Get answers to your Osteoporosis, Metabolic Bone & Mineral Disorders questions.
Healthy lifestyle habits, including adequate intake of calcium and vitamin D, are important for preventing osteoporosis and are also a useful accompaniment to medical treatment.
A combination of calcium and vitamin D can reduce the risk of osteoporosis. (For strong bones, people need enough of both calcium and vitamin D.) The National Osteoporosis Foundation (NOF) recommends:
Dietary Sources. Good dietary sources of calcium include:
Certain types of foods can interfere with calcium absorption. These include foods high in oxalate (such as spinach and beet greens) or phytate (peas, pinto beans, navy beans, wheat bran). Diets high in animal protein, sodium, or caffeine may also interfere with calcium absorption.
Dietary sources of vitamin D include:
However, many Americans do not get the vitamin D they need from diet or exposure to sunlight.
Supplements. Adults who consume adequate amounts of calcium through dietary sources may not need to take a supplement. Many require vitamin D, particularly if they do not get enough exposure to sunlight. Vitamin D is made in the skin using energy from the ultra-violet rays in sunlight. Because sun exposure increases the risk for skin cancer and premature skin aging, many Americans restrict their sunlight exposure. People's vitamin D levels decline as they age.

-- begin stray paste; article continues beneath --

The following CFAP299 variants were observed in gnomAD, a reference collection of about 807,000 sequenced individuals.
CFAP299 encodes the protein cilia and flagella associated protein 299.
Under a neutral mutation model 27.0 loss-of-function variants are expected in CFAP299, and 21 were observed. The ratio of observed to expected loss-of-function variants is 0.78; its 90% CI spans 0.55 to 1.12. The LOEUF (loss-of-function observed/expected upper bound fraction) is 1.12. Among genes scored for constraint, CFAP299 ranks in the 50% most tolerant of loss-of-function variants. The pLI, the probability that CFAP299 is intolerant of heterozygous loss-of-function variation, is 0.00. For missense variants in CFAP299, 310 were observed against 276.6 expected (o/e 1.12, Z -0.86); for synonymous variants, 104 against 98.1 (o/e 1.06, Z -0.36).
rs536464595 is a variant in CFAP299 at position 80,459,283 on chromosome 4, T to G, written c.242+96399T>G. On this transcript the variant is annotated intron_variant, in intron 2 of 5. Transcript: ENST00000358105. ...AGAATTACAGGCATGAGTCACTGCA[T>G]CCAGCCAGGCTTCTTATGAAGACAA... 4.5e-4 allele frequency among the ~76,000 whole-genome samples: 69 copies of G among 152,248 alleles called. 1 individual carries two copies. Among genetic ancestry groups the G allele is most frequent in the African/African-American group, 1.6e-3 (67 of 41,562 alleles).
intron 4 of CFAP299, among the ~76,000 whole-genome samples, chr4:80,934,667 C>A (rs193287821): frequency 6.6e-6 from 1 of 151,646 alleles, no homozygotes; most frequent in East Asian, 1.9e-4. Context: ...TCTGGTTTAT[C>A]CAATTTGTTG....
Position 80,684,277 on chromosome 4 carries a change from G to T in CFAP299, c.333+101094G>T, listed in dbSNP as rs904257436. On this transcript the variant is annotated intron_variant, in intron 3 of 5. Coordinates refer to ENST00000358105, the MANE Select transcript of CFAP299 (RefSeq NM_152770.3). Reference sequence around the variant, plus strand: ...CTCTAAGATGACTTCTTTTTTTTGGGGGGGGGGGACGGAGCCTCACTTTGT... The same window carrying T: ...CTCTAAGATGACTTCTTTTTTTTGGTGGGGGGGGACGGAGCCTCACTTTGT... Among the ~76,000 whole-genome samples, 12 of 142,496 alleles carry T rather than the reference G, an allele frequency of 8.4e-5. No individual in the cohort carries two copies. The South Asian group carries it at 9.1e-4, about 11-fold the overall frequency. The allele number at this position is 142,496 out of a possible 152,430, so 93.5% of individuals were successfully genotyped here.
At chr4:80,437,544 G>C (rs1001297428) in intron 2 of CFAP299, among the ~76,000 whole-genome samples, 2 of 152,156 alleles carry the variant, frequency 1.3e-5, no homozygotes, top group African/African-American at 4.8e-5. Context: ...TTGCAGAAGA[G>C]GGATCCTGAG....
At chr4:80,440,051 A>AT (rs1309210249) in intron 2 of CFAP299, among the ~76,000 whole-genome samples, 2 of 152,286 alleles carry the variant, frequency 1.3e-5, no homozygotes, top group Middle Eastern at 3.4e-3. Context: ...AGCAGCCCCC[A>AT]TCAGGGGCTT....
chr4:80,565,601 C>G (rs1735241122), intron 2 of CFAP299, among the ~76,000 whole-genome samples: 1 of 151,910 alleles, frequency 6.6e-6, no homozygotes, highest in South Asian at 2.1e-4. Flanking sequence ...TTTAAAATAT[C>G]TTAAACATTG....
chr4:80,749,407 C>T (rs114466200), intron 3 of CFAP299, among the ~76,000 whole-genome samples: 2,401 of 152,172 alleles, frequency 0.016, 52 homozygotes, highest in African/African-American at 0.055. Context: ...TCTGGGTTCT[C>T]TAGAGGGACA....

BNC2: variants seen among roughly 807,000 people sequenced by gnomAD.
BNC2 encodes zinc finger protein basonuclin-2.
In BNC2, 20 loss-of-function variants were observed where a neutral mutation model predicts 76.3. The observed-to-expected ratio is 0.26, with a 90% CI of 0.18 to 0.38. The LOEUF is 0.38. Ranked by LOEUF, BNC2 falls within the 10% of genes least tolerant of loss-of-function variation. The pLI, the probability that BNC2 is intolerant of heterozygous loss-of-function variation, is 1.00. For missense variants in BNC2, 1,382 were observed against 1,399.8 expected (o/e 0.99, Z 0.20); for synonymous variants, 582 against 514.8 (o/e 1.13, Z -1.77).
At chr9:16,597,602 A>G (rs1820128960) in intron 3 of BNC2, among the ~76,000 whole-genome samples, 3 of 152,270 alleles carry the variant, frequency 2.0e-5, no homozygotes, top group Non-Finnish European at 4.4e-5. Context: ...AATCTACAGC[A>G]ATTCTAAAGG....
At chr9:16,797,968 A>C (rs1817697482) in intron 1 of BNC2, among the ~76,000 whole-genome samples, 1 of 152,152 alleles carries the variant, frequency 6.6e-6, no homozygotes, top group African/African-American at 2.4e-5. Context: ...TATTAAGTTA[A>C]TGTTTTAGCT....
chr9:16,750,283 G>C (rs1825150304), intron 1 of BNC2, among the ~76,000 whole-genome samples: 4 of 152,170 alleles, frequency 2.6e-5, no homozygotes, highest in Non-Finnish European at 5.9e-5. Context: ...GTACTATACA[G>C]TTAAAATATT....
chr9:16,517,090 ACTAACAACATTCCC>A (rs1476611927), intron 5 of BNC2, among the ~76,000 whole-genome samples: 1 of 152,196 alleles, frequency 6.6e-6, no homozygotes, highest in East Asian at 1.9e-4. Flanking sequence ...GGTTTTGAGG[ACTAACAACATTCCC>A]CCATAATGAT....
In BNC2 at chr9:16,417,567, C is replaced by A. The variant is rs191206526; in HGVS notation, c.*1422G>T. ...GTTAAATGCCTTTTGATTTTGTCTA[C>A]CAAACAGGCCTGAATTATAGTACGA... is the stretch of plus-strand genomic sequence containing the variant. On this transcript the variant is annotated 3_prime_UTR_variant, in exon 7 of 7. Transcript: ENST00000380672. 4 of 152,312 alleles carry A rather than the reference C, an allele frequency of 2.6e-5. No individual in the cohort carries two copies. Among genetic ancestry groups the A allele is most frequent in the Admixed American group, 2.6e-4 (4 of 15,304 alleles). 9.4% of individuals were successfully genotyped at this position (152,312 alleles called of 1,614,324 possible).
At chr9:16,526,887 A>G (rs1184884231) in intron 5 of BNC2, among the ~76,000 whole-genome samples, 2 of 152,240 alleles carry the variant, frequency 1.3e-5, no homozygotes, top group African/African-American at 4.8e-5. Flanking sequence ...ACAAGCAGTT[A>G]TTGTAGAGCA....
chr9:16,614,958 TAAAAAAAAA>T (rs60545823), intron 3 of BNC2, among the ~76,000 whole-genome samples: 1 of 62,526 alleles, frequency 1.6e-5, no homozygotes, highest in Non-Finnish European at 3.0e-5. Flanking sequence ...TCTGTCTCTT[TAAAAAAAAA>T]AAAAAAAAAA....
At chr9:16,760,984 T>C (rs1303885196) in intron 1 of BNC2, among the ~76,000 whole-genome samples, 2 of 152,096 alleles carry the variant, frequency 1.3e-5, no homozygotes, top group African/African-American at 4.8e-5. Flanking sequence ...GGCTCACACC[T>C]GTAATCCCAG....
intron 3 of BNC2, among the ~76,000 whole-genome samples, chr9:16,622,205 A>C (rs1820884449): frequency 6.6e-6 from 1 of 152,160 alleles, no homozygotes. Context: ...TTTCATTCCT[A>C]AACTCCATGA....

Calcium and vitamin D supplements can be taken as separate supplements or as a combination supplement. If taken separately, the supplements do not need to be taken at the same time.
Both calcium and vitamin D supplements can increase the risks for kidney stones. If you have a history of kidney stones, discuss with your doctor whether these supplements are appropriate for you.
Calcium supplements can also have other side effects and drug interactions:
Exercise is very important for slowing the progression of osteoporosis. Although mild exercise does not protect bones, moderate exercise (more than 3 days a week for more than a total of 90 minutes a week) reduces the risk for osteoporosis and fracture in both older men and women. Exercise should be regular and life-long. Before beginning any strenuous exercise program, older patients or those who have serious medical conditions should talk to their doctors.
Specific exercises may be better than others:
Other lifestyle changes that can help prevent osteoporosis include:
An important component in reducing the risk for fractures is preventing falls. Risk factors for falling include:
Recommendations for preventing falls or fractures from falls in elderly people include:
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